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Recent Articles

Back to the future: anti-virus engines and sandboxes

Szilard Stange makes the case for multi-engine malware scanning. The VB2015 conference takes place next month (30 September to 2 October) in Prague, with an exciting programme that covers many of today's most pertinent security-related topics. In the run-up to the event, we have invited each of the VB2015 sponsors to write a guest post for our blog. Today, we publish a piece by Szilard Stange, Director of Product Management at OPSWAT (a sponsor of every VB conference since 2008). In his...

The Virus Bulletin
Hacktivists Threaten to Target Law Enforcement Personnel and Public Officials

Internet Crime complaint Center (FBI)
Paper: Optimizing ssDeep for use at scale

Brian Wallace presents tool to optimize ssDeep comparisons. Malware rarely comes as a single file, and to avoid having to analyse each sample in a set individually, a fuzzy hashing algorithm tool like ssDeep can tell a researcher whether two files are very similar — or not similar at all. When working with a large set of samples, the number of comparisons (which grows quadratically with the set size) may soon become extremely large though. To make this task more manageable, Cylance...

The Virus Bulletin
Throwback Thursday: Legal attempts to reduce spam. A UK perspective

This Throwback Thursday, we turn the clock back to November 2003, when spam was such a hot topic that VB decided to launch a dedicated 'VB Spam Supplement'. While, today, spam is a problem that is generally very well mitigated, 12 years ago it was a subject of growing concern and was becoming of increasing interest to the AV industry, with a veritable stampede of AV vendors rushing to bring anti-spam solutions to market alongside their anti-virus products. With volumes of unsolicited...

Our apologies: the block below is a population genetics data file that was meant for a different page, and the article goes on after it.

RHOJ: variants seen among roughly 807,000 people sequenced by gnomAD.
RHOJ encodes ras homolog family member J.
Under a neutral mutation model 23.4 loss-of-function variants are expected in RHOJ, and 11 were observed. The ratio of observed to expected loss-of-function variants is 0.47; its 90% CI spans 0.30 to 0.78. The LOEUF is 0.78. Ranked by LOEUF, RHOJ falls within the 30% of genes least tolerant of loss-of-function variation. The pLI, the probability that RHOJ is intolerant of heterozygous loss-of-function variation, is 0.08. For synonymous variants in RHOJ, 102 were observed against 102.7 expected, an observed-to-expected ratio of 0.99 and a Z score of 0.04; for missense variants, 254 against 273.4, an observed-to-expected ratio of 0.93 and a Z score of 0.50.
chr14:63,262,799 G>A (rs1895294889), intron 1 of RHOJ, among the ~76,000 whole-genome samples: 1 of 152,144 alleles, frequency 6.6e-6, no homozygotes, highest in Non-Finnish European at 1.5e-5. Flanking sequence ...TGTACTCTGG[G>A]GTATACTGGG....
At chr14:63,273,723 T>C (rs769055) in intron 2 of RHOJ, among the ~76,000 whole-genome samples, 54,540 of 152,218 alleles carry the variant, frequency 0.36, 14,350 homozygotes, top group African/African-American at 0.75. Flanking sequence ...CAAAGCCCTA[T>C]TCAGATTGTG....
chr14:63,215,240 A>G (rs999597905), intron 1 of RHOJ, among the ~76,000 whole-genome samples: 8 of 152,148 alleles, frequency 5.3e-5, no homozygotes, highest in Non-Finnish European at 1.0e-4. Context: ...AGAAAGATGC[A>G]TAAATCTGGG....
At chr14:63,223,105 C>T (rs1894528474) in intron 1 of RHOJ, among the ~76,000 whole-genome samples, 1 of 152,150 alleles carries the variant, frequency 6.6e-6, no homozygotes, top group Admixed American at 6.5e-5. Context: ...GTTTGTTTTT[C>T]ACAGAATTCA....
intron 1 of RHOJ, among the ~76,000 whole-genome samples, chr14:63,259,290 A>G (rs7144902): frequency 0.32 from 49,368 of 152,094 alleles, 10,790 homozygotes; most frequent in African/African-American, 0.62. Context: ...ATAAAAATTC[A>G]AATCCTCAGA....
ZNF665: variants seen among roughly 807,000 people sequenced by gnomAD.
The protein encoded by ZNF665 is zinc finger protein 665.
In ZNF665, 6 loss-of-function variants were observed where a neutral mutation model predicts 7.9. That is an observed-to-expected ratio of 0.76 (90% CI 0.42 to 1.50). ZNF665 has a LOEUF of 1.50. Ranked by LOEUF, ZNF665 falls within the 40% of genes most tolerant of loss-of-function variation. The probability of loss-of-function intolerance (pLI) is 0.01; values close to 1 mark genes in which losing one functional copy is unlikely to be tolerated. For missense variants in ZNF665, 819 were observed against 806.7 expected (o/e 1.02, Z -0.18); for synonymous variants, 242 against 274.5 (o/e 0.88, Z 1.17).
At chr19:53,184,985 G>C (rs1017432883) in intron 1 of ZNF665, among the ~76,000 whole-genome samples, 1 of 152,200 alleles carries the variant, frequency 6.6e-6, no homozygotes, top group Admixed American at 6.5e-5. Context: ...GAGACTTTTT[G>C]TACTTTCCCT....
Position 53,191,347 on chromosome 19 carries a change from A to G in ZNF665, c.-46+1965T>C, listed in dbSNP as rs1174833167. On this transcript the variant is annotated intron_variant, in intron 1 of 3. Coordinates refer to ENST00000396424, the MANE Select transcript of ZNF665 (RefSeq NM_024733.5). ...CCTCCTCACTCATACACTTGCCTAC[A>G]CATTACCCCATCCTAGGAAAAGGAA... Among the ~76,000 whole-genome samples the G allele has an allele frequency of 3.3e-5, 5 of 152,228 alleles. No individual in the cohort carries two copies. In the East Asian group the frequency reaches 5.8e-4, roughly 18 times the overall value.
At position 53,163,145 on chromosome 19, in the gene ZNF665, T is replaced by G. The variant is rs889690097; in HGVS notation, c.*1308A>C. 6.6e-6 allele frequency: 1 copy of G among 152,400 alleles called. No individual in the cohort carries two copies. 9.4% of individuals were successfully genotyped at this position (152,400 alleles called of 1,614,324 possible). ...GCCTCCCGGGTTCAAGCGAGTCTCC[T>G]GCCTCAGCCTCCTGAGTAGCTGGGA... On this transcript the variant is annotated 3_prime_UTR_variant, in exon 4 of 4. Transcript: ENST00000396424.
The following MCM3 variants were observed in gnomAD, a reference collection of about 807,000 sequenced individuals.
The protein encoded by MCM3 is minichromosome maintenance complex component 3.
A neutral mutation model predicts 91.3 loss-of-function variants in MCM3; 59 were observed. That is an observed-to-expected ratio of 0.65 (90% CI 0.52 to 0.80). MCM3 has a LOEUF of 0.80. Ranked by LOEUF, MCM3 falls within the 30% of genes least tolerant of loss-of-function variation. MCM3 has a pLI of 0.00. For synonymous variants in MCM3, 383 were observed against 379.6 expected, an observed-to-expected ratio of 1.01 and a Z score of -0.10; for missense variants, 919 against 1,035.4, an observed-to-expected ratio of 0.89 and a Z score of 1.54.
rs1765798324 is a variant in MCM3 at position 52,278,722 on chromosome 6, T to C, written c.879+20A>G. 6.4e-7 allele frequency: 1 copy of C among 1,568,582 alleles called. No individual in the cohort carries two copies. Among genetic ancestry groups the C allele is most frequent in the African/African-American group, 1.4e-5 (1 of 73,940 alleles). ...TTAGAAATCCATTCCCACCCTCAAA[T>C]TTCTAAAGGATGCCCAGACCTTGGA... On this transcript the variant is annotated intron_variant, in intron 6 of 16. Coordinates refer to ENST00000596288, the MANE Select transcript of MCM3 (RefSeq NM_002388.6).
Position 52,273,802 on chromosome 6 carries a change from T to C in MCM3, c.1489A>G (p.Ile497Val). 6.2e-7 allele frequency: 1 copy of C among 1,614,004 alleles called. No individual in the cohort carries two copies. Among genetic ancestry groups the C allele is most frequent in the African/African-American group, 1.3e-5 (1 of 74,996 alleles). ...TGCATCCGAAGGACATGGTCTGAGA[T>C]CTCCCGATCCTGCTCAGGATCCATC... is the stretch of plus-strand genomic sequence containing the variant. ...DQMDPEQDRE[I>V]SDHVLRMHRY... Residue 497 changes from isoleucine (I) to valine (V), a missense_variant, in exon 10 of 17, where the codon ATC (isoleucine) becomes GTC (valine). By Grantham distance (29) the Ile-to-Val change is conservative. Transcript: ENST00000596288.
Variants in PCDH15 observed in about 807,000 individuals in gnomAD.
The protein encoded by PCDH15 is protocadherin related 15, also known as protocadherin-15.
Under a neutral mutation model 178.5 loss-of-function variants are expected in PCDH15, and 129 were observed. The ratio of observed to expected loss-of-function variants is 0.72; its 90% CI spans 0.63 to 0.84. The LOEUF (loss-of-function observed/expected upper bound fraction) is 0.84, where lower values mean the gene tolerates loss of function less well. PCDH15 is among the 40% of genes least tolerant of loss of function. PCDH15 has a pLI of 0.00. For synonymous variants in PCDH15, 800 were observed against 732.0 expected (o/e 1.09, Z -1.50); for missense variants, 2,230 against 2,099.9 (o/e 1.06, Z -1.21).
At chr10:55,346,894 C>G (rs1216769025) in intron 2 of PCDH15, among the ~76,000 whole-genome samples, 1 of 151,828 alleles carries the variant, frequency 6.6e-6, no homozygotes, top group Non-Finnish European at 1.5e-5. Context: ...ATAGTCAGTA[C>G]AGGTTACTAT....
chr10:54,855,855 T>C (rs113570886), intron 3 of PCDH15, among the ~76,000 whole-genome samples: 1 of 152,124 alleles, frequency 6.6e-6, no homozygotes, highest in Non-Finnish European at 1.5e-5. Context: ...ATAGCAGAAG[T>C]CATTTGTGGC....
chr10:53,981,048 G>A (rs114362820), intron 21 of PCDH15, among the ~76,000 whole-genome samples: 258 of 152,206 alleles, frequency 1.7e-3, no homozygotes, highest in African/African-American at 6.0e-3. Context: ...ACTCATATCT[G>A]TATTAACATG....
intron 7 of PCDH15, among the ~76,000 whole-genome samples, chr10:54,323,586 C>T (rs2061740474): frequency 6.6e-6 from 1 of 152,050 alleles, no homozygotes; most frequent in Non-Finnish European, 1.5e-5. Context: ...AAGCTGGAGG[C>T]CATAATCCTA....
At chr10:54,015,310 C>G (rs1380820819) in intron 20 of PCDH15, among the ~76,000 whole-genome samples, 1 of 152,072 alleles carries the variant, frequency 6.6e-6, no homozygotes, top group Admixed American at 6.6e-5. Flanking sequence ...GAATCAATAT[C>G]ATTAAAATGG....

The Virus Bulletin
Paper: 3ROS exploit framework kit — one more for the infection road

Aditya K. Sood and Rohit Bansal highlight a different side of an exploit kit. Exploit kits are a serious plague on the Internet, made worse by the fact that the online advertisement ecosystem allows cybercriminals to run their malicious code on many websites. The kits are studied extensively by security researchers, who attempt to follow their development as the kits' authors try to make sure detection is evaded. Today, we publish a paper by Aditya K. Sood (Elastica) and Rohit Bansal...

The Virus Bulletin
Throwback Thursday: What DDoS it all Mean?

This Throwback Thursday, we turn the clock back to March 2000, when DDoS attacks were a newly emerging menace. Today, DDoS attacks are a well-known form of cyber abuse — indeed, even this week, Swiss encrypted webmail provider ProtonMail has been the target of a sustained DDoS attack. In early 2000, however, DDoS attacks were far from common (even though the concept had been around for some time), so when, in February 2000, some of the Internet's largest websites including CNN, MSN...

The Virus Bulletin
The Internet of Bad Things, Observed

In his VB2015 keynote address, Ross Anderson described attacks against EMV cards. The VB2015 opening keynote by Ross Anderson could hardly have been more timely. In his talk "The Internet of Bad Things, Observed", the Cambridge professor looked at various attacks against the EMV standard for payment cards — attacks that have been used to steal real money from real people. Such cards, often called chip-and-PIN or chip-and-signature, are generally seen as better protected against...

The Virus Bulletin
Throwback Thursday: Inside Sony's rootkit

This Throwback Thursday, we turn the clock back ten years, when the discovery of a rootkit ignited a firestorm of criticism for Sony. Rootkits are common among modern malware, and it seems hard to believe that ten years ago they were a little known phenomenon — that was until the discovery of the Sony rootkit brought this form of stealthy malware firmly into the public's awareness. A few days ago was the tenth anniversary of the discovery and exposure of the Sony rootkit: on 31 October...

The Virus Bulletin